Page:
RouteTableId:
Ref: PublicRouteTable

Step 3: create database in VPC

A Public database could be dangerous, because it can be easily compromised, even if it is password protected. So let’s create it in VPC instead:

    DbSecurityGroup:
Type: "AWS::EC2::SecurityGroup"
Properties:
GroupName: ${self:service}-${self:provider.stage}-db
GroupDescription: Allow local inbound to port 5432, no outbound
SecurityGroupIngress:
- CidrIp: 10.0.0.0/16
IpProtocol: tcp
FromPort: 5432
ToPort: 5432
SecurityGroupEgress:
- IpProtocol: -1
CidrIp: 127.0.0.1/32
VpcId:
Ref: Vpc
DbSubnetGroup:
Type: "AWS::RDS::DBSubnetGroup"
Properties:
DBSubnetGroupName: ${self:service}-${self:provider.stage}
DBSubnetGroupDescription: Private database subnet group
SubnetIds:
- Ref: PrivateSubnet1
- Ref: PrivateSubnet2
- Ref: PrivateSubnet3
Database:
Type: AWS::RDS::DBInstance
Properties:
DBInstanceIdentifier: ${self:service}-${self:provider.stage}
Engine: postgres
DBName: dbname
AllocatedStorage: 20
EngineVersion: 11.2
DBInstanceClass: db.t3.micro
MasterUsername: ${self:provider.environment.RINGCENTRAL_CHATBOT_DATABASE_USERNAME}
MasterUserPassword: ${self:provider.environment.RINGCENTRAL_CHATBOT_DATABASE_PASSWORD}
DBSubnetGroupName:
Ref: DbSubnetGroup
VPCSecurityGroups:
- Ref: DbSecurityGroup

NOTE: Please pay attention to DbSecurityGroup , it’s how we control the accessibility of the database. We’ve made it Allow local inbound to port 5432, no outbound .

Also pay attention to DbSubnetGroup , in order to create a database in a VPC, you simply create it in DBSubnetGroup consisting of private subnets in that VPC.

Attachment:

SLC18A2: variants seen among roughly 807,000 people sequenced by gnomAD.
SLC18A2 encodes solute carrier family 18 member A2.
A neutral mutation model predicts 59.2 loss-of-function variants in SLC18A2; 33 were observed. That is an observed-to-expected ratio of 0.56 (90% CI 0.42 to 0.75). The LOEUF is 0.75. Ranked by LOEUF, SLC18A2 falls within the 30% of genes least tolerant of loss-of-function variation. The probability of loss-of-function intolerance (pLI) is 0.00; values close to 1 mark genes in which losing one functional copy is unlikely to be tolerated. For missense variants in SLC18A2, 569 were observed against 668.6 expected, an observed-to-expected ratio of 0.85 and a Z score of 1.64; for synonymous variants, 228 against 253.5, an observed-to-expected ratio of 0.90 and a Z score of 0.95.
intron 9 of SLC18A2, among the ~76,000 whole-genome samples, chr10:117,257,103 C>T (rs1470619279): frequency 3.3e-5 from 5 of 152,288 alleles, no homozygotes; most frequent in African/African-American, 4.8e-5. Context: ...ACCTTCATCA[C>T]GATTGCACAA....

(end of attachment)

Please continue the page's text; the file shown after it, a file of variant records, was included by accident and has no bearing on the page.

Step 4: Create lambda function in VPC

    LambdaSecurityGroup:
Type: "AWS::EC2::SecurityGroup"
Properties:
GroupName: ${self:service}-${self:provider.stage}-lambda
GroupDescription: Allow all outbound traffic, no inbound
SecurityGroupIngress:
- IpProtocol: -1
CidrIp: 127.0.0.1/32
VpcId:
Ref: Vpc

First we created a security group. The rule is Allow all outbound traffic, no inbound .

provider:  ...  vpc:
securityGroupIds:
- Ref: LambdaSecurityGroup
subnetIds:
- Ref: PrivateSubnet1
- Ref: PrivateSubnet2
- Ref: PrivateSubnet3

Then we defined the VPC settings in the provider level, so that all of our Lambda functions will inherit these settings.

Summary

We’ve put our chatbot resource in a VPC and now is safer than before because:

  • The database can only be accessed inside the VPC. Your database is now safe even if its password is compromised.
  • Lambda functions disallow inbound access, but is able to allow outbound traffic. Most importantly, it can access the database because they are in the same VPC.

For a sample project using the techniques discussed here, please refer to the Glip Announcement Chatbot.

RingCentral Developers

Cloud Business Communications

Thanks to Vyshakh Babji

Tyler Long

Written by

RingCentral Developers

Cloud Business Communications